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New Zealand's Prime Minister Ready To Return To Duties After Maternity Leave

Prime Minister Jacinda Ardern and partner Clarke Gayford pose with their baby daughter Neve Gayford at their home on Thursday in Auckland, New Zealand.
Prime Minister Jacinda Ardern and partner Clarke Gayford pose with their baby daughter Neve Gayford at their home on Thursday in Auckland, New Zealand.

New Zealand Prime Minister Jacinda Ardern will be back on the job soon, after taking six weeks of maternity leave.

Ardern, who assumed office in October, is only the second sitting world leader in modern times to give birth while in office, after Pakistan's Benazir Bhutto. Ardern announced in January that she would temporarily step aside, leaving her duties while on leave to Deputy Prime Minister Winston Peters.

On June 21, Ardern gave birth to her first child, a girl that she and partner Clarke Gayford named Neve Gayford.

"Looking forward to getting back on deck," Ardern said on Facebook Live last week.

"Looking forward to talking about things like employment, mental health, the economy and the environment. Things that have always been important to us," she said.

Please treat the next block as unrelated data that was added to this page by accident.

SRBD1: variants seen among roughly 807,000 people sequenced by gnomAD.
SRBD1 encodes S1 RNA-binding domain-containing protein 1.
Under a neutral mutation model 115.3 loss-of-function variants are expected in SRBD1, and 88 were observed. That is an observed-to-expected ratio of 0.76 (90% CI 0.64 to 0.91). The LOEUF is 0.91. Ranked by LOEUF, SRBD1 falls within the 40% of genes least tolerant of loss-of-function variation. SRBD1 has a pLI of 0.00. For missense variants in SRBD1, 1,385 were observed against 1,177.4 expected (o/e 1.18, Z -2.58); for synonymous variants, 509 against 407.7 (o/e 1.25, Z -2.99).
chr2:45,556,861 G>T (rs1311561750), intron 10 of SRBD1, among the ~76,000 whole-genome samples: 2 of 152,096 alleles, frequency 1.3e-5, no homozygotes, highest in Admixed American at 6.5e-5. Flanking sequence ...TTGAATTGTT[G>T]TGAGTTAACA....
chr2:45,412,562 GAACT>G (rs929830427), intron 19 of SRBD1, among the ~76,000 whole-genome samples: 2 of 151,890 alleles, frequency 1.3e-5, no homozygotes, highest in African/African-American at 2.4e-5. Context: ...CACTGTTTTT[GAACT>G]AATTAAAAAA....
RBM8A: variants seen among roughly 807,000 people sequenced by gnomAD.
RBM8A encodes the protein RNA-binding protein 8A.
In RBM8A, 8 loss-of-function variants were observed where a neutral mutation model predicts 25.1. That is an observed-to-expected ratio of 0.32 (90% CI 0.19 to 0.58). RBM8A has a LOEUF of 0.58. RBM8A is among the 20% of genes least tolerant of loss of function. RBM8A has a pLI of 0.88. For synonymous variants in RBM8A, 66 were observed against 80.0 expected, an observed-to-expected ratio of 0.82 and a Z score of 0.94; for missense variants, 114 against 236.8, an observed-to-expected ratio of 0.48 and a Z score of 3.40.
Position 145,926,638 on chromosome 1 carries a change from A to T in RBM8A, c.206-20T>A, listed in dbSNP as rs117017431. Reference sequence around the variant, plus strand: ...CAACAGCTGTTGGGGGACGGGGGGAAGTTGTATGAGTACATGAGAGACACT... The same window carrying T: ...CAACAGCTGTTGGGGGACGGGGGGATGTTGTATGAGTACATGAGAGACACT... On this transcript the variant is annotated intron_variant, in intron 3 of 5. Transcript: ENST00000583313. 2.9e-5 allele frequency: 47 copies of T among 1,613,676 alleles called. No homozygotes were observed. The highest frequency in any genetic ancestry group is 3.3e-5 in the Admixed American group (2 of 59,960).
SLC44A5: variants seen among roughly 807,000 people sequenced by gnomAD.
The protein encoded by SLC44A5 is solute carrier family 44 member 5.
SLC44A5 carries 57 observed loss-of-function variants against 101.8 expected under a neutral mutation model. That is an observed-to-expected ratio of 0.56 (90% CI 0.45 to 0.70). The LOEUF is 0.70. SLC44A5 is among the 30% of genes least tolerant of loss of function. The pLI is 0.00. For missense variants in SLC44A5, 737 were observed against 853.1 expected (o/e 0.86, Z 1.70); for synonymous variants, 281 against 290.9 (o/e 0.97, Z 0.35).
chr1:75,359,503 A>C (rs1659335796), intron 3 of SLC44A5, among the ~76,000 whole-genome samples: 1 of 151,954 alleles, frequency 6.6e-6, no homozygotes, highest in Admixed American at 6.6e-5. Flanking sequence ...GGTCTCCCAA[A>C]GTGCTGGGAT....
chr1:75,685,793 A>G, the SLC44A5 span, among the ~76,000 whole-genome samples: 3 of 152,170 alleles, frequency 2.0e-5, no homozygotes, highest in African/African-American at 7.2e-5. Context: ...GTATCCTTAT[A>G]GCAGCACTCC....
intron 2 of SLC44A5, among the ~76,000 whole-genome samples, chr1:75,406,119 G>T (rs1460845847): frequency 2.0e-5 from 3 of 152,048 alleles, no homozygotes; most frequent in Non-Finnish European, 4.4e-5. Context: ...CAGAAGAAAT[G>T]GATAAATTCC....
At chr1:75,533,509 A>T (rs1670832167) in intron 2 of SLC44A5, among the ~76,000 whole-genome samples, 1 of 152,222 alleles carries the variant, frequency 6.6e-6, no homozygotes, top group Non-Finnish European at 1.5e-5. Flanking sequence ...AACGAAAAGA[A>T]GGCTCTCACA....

The New Zealand Herald notes, "Ardern will return as the teachers are due to strike, the nurses already have, the Government remains at loggerheads with Australia over the deportations policy and the inquiry into the appointment of deputy Police Commissioner Wally Haumaha awaits."

The newspaper says she also resumes her duties amid "slumps in business confidence and warnings of an economic slowdown globally."

In a television interview, Ardern said, like other parents, she has been "so focused on food, nappies and sleep."

How does she feel about going back to Parliament? "I understand how acute it will feel," Ardern told New Zealand Focus. "But, equally, I think lots of parents feel guilt that either they're not doing enough in their parenting role or they're not doing enough in their 9 to 5 role. There is guilt behind every door."

New Zealand's Parliament Speaker Trevor Mallard has already laid down strict rules for media coverage of the baby.

According to the Herald, "After speaking to Ardern, Mallard has issued a warning to political media that any filming or taking photos of Neve, even if inadvertent, could result in being stripped of their right to be at Parliament."

Copyright 2020 NPR. To see more, visit https://www.npr.org.

Corrected: August 2, 2018 at 12:00 AM EDT
A previous version of this story misidentified the name of New Zealand Prime Minister Jacinda Ardern's partner as Clarke Gaylord. He is Clarke Gayford.

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